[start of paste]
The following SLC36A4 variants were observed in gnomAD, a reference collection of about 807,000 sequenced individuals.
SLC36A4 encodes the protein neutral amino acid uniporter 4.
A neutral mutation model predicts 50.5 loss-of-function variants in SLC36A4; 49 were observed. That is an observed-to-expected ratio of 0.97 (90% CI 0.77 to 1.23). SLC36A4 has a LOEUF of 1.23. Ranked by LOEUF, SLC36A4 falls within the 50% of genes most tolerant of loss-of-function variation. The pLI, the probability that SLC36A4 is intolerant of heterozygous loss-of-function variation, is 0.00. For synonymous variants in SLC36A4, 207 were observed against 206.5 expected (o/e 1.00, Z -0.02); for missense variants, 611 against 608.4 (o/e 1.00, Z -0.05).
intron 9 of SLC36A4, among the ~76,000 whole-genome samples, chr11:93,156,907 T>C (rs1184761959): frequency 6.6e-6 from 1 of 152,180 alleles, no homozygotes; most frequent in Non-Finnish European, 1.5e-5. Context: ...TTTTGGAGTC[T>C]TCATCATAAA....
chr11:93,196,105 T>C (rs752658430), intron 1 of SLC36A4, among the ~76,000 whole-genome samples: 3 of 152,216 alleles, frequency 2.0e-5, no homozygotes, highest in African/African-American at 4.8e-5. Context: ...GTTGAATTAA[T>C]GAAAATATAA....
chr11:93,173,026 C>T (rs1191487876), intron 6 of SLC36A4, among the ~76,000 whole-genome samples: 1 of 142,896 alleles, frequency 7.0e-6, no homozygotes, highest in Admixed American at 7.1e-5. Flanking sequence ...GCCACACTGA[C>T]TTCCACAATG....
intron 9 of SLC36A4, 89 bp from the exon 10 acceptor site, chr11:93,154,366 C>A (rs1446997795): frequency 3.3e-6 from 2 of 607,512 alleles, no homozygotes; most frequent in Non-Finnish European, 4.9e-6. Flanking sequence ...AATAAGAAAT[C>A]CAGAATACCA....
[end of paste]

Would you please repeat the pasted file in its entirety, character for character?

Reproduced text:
The following SLC36A4 variants were observed in gnomAD, a reference collection of about 807,000 sequenced individuals.
SLC36A4 encodes the protein neutral amino acid uniporter 4.
A neutral mutation model predicts 50.5 loss-of-function variants in SLC36A4; 49 were observed. That is an observed-to-expected ratio of 0.97 (90% CI 0.77 to 1.23). SLC36A4 has a LOEUF of 1.23. Ranked by LOEUF, SLC36A4 falls within the 50% of genes most tolerant of loss-of-function variation. The pLI, the probability that SLC36A4 is intolerant of heterozygous loss-of-function variation, is 0.00. For synonymous variants in SLC36A4, 207 were observed against 206.5 expected (o/e 1.00, Z -0.02); for missense variants, 611 against 608.4 (o/e 1.00, Z -0.05).
intron 9 of SLC36A4, among the ~76,000 whole-genome samples, chr11:93,156,907 T>C (rs1184761959): frequency 6.6e-6 from 1 of 152,180 alleles, no homozygotes; most frequent in Non-Finnish European, 1.5e-5. Context: ...TTTTGGAGTC[T>C]TCATCATAAA....
chr11:93,196,105 T>C (rs752658430), intron 1 of SLC36A4, among the ~76,000 whole-genome samples: 3 of 152,216 alleles, frequency 2.0e-5, no homozygotes, highest in African/African-American at 4.8e-5. Context: ...GTTGAATTAA[T>C]GAAAATATAA....
chr11:93,173,026 C>T (rs1191487876), intron 6 of SLC36A4, among the ~76,000 whole-genome samples: 1 of 142,896 alleles, frequency 7.0e-6, no homozygotes, highest in Admixed American at 7.1e-5. Flanking sequence ...GCCACACTGA[C>T]TTCCACAATG....
intron 9 of SLC36A4, 89 bp from the exon 10 acceptor site, chr11:93,154,366 C>A (rs1446997795): frequency 3.3e-6 from 2 of 607,512 alleles, no homozygotes; most frequent in Non-Finnish European, 4.9e-6. Flanking sequence ...AATAAGAAAT[C>A]CAGAATACCA....